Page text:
Thank you to all of you who have come to me and shared your story of how God is bringing you to a place of healing after years of turmoil inside your heart. This is NOT my doing, it is the Spirit of God working in our midst. Please open your eyes and consider where God would place you in His service here at Grace Church.

And don’t forget to join us this Sunday at Grace, as we launch a new series we’re calling “Time to Celebrate.” This Sunday your heart will be moved as we celebrate children. Come and hear once again why it is vitally important that we continue to invest in the lives of the little ones Jesus loved so much. Hope to see you there!

Pastor Ivanildo C. Trindade

Last Sunday I preached on the brevity of life. Little did I know that just a couple of days later a dear friend of mine, John Weaver, would die suddenly in Wooster, Ohio. John’s funeral and memorial service will be this coming Sunday at Wooster Grace and I will have to miss it because it is my installation service at Grace Church, Lititz.

This turn of events and the coincidence of services have given me much more than pause. What if it was my service in Wooster and John’s here in Lititz? John was a godly man. Though a builder by trade, he could well be a pastor somewhere based on his knowledge of Scriptures and love for people. I, on the other hand, can’t build even walls made of Lego’s.

The last couple of days I have only heard (and seen) positive, God-honoring comments about John and his legacy. John touched literally hundreds (maybe thousands) of people with his gentle ways, his firm convictions and exuberant love for God’s Word. I just can’t help but think about what people would be saying and writing about me if it was my service there and his service here… Do you ever think that way? And do you think that you would be remembered as a godly person who left a legacy of love for God and compassion for people? Would people would not only you but your character and integrity also?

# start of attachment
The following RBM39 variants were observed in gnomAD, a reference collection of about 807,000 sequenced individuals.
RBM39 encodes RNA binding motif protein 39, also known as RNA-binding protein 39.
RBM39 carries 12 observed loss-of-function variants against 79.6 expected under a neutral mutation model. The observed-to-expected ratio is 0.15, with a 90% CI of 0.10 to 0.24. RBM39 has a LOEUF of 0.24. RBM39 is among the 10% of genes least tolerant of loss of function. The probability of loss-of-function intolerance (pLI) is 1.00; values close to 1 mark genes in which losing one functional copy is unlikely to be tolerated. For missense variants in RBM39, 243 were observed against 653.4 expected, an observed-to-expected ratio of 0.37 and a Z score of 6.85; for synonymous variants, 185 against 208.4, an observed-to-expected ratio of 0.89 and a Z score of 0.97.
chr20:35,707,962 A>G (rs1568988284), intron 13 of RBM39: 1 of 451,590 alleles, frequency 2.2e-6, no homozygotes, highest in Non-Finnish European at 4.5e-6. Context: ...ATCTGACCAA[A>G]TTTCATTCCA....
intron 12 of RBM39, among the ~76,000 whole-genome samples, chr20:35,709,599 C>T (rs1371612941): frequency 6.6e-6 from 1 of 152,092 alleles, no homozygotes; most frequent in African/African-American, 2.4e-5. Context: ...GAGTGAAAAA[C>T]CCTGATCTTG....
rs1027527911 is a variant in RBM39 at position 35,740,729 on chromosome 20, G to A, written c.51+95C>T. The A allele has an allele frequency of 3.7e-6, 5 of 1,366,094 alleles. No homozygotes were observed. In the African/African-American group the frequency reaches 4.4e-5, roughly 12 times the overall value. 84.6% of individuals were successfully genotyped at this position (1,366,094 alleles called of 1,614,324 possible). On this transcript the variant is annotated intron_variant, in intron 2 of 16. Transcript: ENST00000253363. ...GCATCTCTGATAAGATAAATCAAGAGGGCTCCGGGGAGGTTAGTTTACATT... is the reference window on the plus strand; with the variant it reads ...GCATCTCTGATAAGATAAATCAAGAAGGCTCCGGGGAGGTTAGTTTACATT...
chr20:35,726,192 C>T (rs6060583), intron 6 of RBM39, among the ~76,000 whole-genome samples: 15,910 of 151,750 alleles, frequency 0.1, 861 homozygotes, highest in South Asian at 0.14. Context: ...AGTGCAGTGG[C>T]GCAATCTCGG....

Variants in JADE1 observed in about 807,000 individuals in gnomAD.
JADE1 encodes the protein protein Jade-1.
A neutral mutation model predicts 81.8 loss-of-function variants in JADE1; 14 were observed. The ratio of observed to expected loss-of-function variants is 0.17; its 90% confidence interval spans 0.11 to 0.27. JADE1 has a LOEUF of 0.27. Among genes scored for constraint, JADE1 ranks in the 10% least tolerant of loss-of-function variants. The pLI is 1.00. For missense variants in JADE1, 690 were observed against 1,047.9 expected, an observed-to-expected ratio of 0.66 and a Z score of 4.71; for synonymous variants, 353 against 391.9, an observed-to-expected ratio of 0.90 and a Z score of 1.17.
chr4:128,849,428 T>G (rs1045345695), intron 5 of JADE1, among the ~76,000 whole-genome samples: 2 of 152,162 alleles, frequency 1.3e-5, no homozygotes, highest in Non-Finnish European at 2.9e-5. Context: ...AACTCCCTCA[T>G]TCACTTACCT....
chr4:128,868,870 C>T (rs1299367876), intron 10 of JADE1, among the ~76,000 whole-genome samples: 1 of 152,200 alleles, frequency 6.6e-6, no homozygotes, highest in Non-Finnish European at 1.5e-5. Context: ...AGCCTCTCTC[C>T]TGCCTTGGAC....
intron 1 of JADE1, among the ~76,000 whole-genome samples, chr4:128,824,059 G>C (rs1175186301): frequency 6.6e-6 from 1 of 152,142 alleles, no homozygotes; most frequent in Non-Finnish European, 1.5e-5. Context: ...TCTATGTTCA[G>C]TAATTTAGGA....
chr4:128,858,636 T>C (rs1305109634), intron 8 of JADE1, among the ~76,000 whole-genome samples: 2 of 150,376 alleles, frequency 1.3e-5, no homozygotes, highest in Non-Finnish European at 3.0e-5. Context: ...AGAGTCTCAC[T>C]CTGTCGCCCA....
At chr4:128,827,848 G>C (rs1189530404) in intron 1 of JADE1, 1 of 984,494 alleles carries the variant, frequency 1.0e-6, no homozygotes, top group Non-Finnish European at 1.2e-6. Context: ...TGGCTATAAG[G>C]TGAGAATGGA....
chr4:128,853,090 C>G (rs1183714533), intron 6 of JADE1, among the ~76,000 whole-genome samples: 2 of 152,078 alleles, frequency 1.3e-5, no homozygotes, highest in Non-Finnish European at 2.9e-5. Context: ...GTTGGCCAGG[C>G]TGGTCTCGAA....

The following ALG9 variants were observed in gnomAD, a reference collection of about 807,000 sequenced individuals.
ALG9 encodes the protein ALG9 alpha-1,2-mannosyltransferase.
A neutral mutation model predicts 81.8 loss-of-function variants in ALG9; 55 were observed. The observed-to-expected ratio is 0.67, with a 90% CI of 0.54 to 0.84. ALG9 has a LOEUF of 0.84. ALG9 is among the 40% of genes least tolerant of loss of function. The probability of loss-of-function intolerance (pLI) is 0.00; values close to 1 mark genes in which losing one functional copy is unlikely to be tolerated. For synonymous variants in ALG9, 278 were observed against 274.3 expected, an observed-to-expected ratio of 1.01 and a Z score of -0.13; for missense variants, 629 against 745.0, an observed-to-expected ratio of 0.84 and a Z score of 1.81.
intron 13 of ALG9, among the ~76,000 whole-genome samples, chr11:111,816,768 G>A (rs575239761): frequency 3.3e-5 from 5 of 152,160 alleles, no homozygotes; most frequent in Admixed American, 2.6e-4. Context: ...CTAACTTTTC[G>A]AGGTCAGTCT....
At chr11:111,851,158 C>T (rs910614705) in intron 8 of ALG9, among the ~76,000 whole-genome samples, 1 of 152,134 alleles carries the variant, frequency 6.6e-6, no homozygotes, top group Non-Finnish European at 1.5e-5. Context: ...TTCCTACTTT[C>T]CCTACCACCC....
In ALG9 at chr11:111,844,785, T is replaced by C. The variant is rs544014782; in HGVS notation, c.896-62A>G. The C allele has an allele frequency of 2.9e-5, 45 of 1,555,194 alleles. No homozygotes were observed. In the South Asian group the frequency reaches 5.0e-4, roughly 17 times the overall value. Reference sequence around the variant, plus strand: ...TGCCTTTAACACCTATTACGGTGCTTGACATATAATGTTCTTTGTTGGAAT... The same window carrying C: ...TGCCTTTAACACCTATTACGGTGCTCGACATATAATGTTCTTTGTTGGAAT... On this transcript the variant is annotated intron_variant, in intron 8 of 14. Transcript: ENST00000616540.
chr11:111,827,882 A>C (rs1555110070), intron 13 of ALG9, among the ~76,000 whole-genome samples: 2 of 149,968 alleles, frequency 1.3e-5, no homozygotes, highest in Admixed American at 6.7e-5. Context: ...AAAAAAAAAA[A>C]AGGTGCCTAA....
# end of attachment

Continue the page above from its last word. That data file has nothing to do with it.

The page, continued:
Yes, people miss John’s character and integrity. I also miss his generosity. John gave in so many ways. A thoughtful guy, he never missed an opportunity to bless someone, even if he did it behind the scenes.

Today I thought of Dorcas, “who was always doing good and helping the poor,” according to Acts 9. When she died suddenly, the poor widows who came to her funeral actually brought with them Dorcas’ evangelism tools — the robes and other clothing she had made and given them while she was alive (Acts 9:39).

What would people bring to my funeral? Only the funny jokes I told or a memory of a time I actually went out of my way to make sure that they were blessed? Scraps of memory from a reluctant follower or a flood of vivid reminders of an unwaivering faith in a God who delivers?

What would people bring to your funeral? On Sunday the auditorium at Wooster Grace will be filled with people who loved John and there won’t be a single one who will have any doubts where he stood in his love for God and people. I can’t think of a better memory to bring to a funeral. May it be that way for ours as well.

And sorry for the morbid tone. Death does make us melancholic, especially on the eve of a great celebration.

Ivanildo C. Trindade